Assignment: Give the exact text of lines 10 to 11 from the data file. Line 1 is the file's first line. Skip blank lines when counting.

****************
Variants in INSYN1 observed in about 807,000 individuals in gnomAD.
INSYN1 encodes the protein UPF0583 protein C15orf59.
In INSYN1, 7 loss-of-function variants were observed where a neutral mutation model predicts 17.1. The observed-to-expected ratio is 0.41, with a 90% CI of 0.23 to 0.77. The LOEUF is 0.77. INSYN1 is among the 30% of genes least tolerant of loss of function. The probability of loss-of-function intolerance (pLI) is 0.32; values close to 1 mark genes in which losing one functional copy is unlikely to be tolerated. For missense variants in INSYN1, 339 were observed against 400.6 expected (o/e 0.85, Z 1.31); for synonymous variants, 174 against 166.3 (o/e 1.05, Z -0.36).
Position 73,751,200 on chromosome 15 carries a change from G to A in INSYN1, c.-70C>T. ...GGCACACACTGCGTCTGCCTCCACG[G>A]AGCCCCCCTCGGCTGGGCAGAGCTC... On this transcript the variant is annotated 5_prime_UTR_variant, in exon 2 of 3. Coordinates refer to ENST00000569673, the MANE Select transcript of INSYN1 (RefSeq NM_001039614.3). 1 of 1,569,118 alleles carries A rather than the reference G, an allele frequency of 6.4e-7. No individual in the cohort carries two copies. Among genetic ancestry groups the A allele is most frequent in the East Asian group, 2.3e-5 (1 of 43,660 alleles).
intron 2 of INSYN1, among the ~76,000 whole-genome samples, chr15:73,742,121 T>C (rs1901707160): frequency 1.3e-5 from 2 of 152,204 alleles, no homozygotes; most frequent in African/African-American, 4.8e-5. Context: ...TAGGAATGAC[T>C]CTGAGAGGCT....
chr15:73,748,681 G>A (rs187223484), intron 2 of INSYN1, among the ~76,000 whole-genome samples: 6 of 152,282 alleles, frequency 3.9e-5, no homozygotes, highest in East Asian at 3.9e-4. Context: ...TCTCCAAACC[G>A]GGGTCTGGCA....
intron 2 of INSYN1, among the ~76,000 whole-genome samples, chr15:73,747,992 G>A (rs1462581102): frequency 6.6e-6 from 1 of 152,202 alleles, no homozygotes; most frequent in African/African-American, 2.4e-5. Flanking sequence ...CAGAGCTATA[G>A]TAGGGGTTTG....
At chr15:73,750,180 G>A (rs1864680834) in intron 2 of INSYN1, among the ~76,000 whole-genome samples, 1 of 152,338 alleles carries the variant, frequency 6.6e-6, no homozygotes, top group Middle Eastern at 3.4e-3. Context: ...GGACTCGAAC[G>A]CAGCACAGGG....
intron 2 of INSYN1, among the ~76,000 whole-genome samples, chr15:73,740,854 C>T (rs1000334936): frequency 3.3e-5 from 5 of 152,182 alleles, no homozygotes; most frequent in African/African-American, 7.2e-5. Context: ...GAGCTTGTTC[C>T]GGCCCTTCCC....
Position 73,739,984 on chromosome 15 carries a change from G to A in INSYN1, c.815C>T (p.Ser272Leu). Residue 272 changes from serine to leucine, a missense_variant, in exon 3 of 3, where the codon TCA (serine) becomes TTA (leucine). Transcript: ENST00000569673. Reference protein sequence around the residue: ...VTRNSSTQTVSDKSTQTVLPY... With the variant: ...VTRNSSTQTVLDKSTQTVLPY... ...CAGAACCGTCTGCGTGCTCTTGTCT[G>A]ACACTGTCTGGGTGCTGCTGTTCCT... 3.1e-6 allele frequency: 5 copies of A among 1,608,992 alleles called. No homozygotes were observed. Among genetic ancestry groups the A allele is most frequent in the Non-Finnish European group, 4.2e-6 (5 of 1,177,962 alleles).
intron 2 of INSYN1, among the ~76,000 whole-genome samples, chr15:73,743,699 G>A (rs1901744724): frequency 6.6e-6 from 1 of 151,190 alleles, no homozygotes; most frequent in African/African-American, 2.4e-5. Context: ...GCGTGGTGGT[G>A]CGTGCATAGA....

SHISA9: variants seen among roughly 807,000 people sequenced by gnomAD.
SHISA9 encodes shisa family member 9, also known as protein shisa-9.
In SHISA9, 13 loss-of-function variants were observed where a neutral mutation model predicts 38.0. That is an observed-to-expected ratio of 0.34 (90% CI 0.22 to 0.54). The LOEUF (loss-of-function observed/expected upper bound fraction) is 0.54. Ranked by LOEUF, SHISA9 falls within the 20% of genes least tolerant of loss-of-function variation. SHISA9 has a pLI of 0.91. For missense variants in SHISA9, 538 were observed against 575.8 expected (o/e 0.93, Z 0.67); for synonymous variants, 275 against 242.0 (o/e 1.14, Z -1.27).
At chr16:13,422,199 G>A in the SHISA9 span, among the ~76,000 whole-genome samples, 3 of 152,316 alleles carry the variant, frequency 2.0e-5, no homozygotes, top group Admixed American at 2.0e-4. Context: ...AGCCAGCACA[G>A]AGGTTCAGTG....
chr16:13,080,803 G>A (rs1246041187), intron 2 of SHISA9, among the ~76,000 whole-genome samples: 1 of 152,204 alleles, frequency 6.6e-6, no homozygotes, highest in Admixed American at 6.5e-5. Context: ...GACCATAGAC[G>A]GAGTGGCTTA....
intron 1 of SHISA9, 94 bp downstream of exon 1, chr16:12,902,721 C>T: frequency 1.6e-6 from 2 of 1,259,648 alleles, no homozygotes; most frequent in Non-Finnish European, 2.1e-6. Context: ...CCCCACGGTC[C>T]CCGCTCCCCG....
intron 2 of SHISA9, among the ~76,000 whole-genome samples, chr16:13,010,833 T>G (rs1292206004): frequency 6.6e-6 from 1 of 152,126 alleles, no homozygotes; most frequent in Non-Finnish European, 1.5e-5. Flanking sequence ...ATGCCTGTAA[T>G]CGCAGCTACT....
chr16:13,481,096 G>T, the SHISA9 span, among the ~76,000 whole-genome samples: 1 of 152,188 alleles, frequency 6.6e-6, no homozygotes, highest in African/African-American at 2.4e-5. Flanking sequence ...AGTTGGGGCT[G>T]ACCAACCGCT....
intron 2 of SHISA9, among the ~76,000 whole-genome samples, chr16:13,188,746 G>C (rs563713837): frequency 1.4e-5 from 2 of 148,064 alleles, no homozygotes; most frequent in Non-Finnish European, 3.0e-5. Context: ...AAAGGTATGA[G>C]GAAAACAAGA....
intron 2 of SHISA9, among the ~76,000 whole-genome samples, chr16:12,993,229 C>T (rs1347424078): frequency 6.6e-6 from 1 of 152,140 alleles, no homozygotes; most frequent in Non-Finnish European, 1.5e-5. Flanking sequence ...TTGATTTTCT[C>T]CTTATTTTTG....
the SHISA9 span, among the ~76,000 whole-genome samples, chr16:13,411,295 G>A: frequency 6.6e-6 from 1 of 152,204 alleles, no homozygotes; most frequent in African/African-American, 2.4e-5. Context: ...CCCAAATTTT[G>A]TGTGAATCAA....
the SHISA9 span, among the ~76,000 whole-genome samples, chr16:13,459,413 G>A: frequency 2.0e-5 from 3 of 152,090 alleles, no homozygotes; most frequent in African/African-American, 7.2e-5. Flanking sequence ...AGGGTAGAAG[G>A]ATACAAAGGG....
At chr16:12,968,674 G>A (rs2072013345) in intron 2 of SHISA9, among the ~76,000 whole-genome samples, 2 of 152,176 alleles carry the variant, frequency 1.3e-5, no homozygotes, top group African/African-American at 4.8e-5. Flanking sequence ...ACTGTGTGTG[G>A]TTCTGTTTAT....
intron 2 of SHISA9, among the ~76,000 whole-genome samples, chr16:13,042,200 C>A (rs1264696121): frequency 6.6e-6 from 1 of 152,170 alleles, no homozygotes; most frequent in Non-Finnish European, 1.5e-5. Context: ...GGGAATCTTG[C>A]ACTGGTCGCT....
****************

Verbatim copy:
Position 73,739,984 on chromosome 15 carries a change from G to A in INSYN1, c.815C>T (p.Ser272Leu). Residue 272 changes from serine to leucine, a missense_variant, in exon 3 of 3, where the codon TCA (serine) becomes TTA (leucine). Transcript: ENST00000569673. Reference protein sequence around the residue: ...VTRNSSTQTVSDKSTQTVLPY... With the variant: ...VTRNSSTQTVLDKSTQTVLPY... ...CAGAACCGTCTGCGTGCTCTTGTCT[G>A]ACACTGTCTGGGTGCTGCTGTTCCT... 3.1e-6 allele frequency: 5 copies of A among 1,608,992 alleles called. No homozygotes were observed. Among genetic ancestry groups the A allele is most frequent in the Non-Finnish European group, 4.2e-6 (5 of 1,177,962 alleles).
intron 2 of INSYN1, among the ~76,000 whole-genome samples, chr15:73,743,699 G>A (rs1901744724): frequency 6.6e-6 from 1 of 151,190 alleles, no homozygotes; most frequent in African/African-American, 2.4e-5. Context: ...GCGTGGTGGT[G>A]CGTGCATAGA....